Can of Worms

I’m still not entirely sure about supporting Obama, but I liked him better than Hillary so I guess that this is pretty dandy news.

Sen. Barack Obama of Illinois claimed the Democratic presidential nomination Tuesday night, NBC News projected based on its tally of convention delegates. By doing so, he shattered a barrier more than two centuries old to become the first black candidate ever nominated by a major political party for the nation’s highest office.

Source: MSNBC

And now, for a moment, I’d like to potentially open up a can of worms and talk about race. Having had a conversation with a black student in my College Composition class earlier this evening who is passionate about racism, I’d like to think that this won’t actually be judged as racist.

Alright, yes. It’s absolutely splendid that blacks are finally able to achieve the presidential nomination but… I think that it shouldn’t matter. If we really have progressed beyond racism in this country, why are we still counting every black achievement for the single reason that they are black?

I get the strangest feelings when I see a caption on a photo that says “First African American to (insert achievement here)”. Now, I’m not saying that in the past blacks didn’t have a lot more to overcome than protestant Anglo-Saxons, but today, why are we still congratulating their achievements not because they achieved it, but because they are black?

Yesterday, I saw a photo of a young black boy standing on the wing of his air plane. The caption read “Youngest Person to Fly Solo Around the World”. That’s a whole lot different than “First African American to Fly Solo Around the World”. We can justify saying “First African American to …” back in the days during and before the Civil Rights movement when racism ran rampant and they definitely did have to work harder, but today, why don’t we just celebrate the person’s accomplishments as an individual?

It’s arguable that Atheists are more disadvantaged than blacks are today. Can you imagine how weird it would be to see captions on photos like “First Openly Atheist Person to …”?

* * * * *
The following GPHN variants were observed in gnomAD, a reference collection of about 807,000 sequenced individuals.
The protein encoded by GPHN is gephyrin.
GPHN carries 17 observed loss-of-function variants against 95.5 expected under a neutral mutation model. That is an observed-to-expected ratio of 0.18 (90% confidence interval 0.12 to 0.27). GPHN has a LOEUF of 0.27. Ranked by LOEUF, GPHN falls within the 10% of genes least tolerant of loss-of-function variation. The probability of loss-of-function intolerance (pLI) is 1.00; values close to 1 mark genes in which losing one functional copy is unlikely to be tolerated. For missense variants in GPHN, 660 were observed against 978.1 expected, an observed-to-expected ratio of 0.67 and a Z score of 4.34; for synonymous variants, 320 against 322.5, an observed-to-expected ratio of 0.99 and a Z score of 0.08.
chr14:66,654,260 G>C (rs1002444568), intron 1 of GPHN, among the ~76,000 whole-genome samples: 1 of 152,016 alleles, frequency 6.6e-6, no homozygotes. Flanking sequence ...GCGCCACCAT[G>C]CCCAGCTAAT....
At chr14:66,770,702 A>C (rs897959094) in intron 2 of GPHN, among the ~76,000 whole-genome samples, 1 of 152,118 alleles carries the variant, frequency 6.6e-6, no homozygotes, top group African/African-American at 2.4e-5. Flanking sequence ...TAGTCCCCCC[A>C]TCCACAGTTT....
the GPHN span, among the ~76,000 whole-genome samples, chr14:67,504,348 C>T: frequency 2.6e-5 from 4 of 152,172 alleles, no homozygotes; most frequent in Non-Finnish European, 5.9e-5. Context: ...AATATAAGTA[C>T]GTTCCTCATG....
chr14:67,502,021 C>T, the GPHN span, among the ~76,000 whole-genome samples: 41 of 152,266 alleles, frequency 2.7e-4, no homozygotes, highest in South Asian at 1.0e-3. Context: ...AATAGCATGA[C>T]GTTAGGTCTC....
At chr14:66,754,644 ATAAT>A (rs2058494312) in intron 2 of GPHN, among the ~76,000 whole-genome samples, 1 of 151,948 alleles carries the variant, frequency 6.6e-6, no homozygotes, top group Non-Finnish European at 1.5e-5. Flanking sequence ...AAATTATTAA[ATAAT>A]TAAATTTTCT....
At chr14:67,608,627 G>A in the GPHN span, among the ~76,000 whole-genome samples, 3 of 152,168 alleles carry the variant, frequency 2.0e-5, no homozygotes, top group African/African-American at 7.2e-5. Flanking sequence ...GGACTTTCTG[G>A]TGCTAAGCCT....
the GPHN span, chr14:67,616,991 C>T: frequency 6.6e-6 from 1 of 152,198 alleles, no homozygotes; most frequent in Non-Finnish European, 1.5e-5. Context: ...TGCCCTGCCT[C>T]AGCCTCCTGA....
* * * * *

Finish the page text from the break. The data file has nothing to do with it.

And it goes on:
If it weren’t for the minority of people in this country who actually are racist, I’d like to think that race would’ve become a non-issue by now. I don’t really care about the race of the individuals who I interact with. As a biracial person (by the way, Obama is biracial too), I don’t think that any race really fits me so I have to see myself as an individual. I will celebrate the accomplishments of my black friends, not because they’re black, but because they are my friends. Same goes for my Hispanic, Asian, or whatever-they-are friends.

11 responses to this post.

  1. Posted by Relas on June 4, 2008 at 4:38 am

    Kudos. Much Kudos! You go, Elles.

    Yes, I agree wholeheartedly. I despise black pride. Well… maybe not despise. Find it… pointless and unjustified, how about?

    I despise any kind of pride of that kind. National pride, gay pride, racial pride, feminine pride, etc.
    I have contempt for any pride that originates in BEING something (being american, being gay, being asian, etc.)

    It’s being proud of something you had no control over, thus you don’t really have a right to be proud of it. It’s kind of like being proud of other’s accomplishments… although not nearly as arrogant and ass-hole ish, since no one really can claim to be responsible…

    I have nothing against being happy with who or what you are. You can be happy without being prideful. Pride suggests a sort of defensive passion, which can result in conflict. And these huge bouts of pride lead to just that. Conflict.

    Meh… I had to get that outta my system. This topic gets me all worked up xD

  2. Posted by Iain on June 4, 2008 at 7:35 am

    “First Openly Athiest Person to secure the Presidential nomination of a major party”? Weird, yes. Also very unlikely, and hence probably a news story!

  3. I’m more impressed with the fact that someone who was economically disadvantaged won the nomination.

    It’s been some time since someone who was still paying off student loans in their 30’s was a serious contender.

  4. I had the same reaction as you–they’re talking about his race NOW? We’ve known for months that if he wins he’ll be the first African-American president, just like we knew that if Clinton won she’d be the first woman. But now it’s time to just focus on whether he’ll be a good president or not. As much it would be great to have a black president for the sake of setting a precedent, we shouldn’t support him only for that reason.

    As for an atheist candidate, it wouldn’t be “openly atheist”, it would be either “avowed atheist” or “self-confessed atheist”, either of which is a silly way to put it.

  5. Posted by Carrie on June 4, 2008 at 4:34 pm